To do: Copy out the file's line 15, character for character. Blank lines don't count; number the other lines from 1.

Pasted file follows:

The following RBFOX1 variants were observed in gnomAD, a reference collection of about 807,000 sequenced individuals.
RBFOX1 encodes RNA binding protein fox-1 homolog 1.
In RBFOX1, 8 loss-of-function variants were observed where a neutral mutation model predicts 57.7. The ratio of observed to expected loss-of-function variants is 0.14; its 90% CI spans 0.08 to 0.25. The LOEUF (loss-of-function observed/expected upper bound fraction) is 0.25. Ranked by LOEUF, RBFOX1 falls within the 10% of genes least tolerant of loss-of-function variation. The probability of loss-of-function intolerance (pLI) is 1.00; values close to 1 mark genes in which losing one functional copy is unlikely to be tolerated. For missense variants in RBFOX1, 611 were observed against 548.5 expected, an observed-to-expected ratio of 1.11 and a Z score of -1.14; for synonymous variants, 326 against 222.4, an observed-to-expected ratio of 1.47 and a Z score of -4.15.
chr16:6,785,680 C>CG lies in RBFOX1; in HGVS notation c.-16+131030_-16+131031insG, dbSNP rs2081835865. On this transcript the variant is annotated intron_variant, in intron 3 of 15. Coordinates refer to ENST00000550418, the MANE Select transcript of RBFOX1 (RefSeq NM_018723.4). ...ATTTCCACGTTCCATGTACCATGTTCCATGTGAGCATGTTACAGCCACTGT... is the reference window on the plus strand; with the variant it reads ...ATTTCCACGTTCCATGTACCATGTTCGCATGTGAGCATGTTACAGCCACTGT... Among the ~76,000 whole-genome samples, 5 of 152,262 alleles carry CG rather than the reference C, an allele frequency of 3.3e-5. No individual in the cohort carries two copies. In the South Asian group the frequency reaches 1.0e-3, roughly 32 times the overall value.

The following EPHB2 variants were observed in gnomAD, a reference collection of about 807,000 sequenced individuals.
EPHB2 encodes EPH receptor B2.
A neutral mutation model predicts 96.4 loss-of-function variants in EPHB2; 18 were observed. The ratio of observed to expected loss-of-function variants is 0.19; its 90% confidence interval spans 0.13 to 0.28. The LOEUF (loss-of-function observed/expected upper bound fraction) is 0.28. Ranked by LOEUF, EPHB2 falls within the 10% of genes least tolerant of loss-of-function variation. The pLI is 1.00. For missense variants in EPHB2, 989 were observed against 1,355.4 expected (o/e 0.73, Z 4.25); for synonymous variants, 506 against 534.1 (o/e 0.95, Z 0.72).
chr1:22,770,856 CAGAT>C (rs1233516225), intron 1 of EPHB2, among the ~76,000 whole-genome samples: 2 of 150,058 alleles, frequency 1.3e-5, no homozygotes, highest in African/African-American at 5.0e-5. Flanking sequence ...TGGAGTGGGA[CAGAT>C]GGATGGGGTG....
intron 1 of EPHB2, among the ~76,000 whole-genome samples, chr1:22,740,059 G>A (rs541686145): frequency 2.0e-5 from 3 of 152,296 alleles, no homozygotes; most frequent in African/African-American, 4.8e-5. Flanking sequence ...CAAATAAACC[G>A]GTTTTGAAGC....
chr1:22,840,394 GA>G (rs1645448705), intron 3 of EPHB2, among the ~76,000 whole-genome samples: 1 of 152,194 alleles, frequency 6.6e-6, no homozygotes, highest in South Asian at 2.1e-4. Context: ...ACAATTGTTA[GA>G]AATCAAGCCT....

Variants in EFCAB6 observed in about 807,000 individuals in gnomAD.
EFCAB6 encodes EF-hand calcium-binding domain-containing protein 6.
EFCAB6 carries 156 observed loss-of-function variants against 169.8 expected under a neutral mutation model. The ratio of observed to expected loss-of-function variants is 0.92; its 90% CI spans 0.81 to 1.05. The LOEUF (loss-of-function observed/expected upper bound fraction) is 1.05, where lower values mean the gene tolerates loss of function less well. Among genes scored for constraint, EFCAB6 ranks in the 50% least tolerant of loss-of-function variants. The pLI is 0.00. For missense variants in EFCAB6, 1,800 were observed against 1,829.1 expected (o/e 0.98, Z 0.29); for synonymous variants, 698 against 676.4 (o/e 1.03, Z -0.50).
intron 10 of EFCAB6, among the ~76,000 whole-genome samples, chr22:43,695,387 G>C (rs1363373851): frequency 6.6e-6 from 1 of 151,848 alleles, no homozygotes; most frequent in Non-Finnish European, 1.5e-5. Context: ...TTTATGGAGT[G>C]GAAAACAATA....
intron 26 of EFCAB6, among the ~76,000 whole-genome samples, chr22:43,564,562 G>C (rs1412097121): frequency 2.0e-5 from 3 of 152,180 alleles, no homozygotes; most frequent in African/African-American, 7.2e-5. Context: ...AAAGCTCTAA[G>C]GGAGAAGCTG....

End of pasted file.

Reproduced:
intron 26 of EFCAB6, among the ~76,000 whole-genome samples, chr22:43,564,562 G>C (rs1412097121): frequency 2.0e-5 from 3 of 152,180 alleles, no homozygotes; most frequent in African/African-American, 7.2e-5. Context: ...AAAGCTCTAA[G>C]GGAGAAGCTG....